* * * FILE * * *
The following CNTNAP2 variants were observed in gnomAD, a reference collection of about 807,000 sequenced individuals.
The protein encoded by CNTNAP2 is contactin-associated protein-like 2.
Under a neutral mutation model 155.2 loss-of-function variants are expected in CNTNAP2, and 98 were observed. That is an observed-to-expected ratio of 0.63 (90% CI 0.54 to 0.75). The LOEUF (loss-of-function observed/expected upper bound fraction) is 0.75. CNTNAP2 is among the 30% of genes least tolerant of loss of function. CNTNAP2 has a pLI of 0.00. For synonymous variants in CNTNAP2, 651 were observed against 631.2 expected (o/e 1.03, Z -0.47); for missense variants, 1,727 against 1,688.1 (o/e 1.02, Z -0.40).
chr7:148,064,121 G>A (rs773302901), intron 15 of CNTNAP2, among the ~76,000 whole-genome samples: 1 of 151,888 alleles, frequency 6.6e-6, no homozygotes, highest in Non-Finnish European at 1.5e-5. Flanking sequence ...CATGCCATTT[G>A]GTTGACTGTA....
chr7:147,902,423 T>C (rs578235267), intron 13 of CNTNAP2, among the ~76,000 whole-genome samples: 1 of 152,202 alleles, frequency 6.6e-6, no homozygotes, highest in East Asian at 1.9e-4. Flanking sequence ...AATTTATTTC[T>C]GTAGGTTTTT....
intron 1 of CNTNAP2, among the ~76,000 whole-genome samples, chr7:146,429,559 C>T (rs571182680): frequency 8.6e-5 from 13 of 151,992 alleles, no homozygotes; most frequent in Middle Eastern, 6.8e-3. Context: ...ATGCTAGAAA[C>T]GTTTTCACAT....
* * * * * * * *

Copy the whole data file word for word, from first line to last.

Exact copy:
The following CNTNAP2 variants were observed in gnomAD, a reference collection of about 807,000 sequenced individuals.
The protein encoded by CNTNAP2 is contactin-associated protein-like 2.
Under a neutral mutation model 155.2 loss-of-function variants are expected in CNTNAP2, and 98 were observed. That is an observed-to-expected ratio of 0.63 (90% CI 0.54 to 0.75). The LOEUF (loss-of-function observed/expected upper bound fraction) is 0.75. CNTNAP2 is among the 30% of genes least tolerant of loss of function. CNTNAP2 has a pLI of 0.00. For synonymous variants in CNTNAP2, 651 were observed against 631.2 expected (o/e 1.03, Z -0.47); for missense variants, 1,727 against 1,688.1 (o/e 1.02, Z -0.40).
chr7:148,064,121 G>A (rs773302901), intron 15 of CNTNAP2, among the ~76,000 whole-genome samples: 1 of 151,888 alleles, frequency 6.6e-6, no homozygotes, highest in Non-Finnish European at 1.5e-5. Flanking sequence ...CATGCCATTT[G>A]GTTGACTGTA....
chr7:147,902,423 T>C (rs578235267), intron 13 of CNTNAP2, among the ~76,000 whole-genome samples: 1 of 152,202 alleles, frequency 6.6e-6, no homozygotes, highest in East Asian at 1.9e-4. Flanking sequence ...AATTTATTTC[T>C]GTAGGTTTTT....
intron 1 of CNTNAP2, among the ~76,000 whole-genome samples, chr7:146,429,559 C>T (rs571182680): frequency 8.6e-5 from 13 of 151,992 alleles, no homozygotes; most frequent in Middle Eastern, 6.8e-3. Context: ...ATGCTAGAAA[C>T]GTTTTCACAT....